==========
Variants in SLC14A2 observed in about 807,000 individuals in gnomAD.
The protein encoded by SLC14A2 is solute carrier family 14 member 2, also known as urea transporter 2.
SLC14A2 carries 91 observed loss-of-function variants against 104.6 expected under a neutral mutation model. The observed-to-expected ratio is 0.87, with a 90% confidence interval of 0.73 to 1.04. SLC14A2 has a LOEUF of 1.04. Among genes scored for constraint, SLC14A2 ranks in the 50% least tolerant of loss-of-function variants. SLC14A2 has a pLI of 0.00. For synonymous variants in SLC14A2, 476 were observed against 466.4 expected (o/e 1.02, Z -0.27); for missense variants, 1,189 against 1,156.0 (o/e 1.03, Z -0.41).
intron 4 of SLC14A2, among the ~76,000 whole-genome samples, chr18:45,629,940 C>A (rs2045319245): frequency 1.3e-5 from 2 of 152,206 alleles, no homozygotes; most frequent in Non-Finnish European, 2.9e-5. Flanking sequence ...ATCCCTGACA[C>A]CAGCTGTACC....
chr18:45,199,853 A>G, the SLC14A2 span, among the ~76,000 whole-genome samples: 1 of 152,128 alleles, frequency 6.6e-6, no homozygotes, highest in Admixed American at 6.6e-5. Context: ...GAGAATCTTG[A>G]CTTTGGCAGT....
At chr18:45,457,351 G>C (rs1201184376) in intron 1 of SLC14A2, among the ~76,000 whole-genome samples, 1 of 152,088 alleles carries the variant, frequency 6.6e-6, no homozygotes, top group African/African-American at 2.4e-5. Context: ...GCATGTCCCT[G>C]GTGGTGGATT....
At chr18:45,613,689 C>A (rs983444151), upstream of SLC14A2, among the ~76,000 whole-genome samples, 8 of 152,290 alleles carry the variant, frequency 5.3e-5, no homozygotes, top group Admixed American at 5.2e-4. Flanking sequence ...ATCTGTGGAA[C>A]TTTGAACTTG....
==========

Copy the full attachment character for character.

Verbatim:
Variants in SLC14A2 observed in about 807,000 individuals in gnomAD.
The protein encoded by SLC14A2 is solute carrier family 14 member 2, also known as urea transporter 2.
SLC14A2 carries 91 observed loss-of-function variants against 104.6 expected under a neutral mutation model. The observed-to-expected ratio is 0.87, with a 90% confidence interval of 0.73 to 1.04. SLC14A2 has a LOEUF of 1.04. Among genes scored for constraint, SLC14A2 ranks in the 50% least tolerant of loss-of-function variants. SLC14A2 has a pLI of 0.00. For synonymous variants in SLC14A2, 476 were observed against 466.4 expected (o/e 1.02, Z -0.27); for missense variants, 1,189 against 1,156.0 (o/e 1.03, Z -0.41).
intron 4 of SLC14A2, among the ~76,000 whole-genome samples, chr18:45,629,940 C>A (rs2045319245): frequency 1.3e-5 from 2 of 152,206 alleles, no homozygotes; most frequent in Non-Finnish European, 2.9e-5. Flanking sequence ...ATCCCTGACA[C>A]CAGCTGTACC....
chr18:45,199,853 A>G, the SLC14A2 span, among the ~76,000 whole-genome samples: 1 of 152,128 alleles, frequency 6.6e-6, no homozygotes, highest in Admixed American at 6.6e-5. Context: ...GAGAATCTTG[A>G]CTTTGGCAGT....
At chr18:45,457,351 G>C (rs1201184376) in intron 1 of SLC14A2, among the ~76,000 whole-genome samples, 1 of 152,088 alleles carries the variant, frequency 6.6e-6, no homozygotes, top group African/African-American at 2.4e-5. Context: ...GCATGTCCCT[G>C]GTGGTGGATT....
At chr18:45,613,689 C>A (rs983444151), upstream of SLC14A2, among the ~76,000 whole-genome samples, 8 of 152,290 alleles carry the variant, frequency 5.3e-5, no homozygotes, top group Admixed American at 5.2e-4. Flanking sequence ...ATCTGTGGAA[C>A]TTTGAACTTG....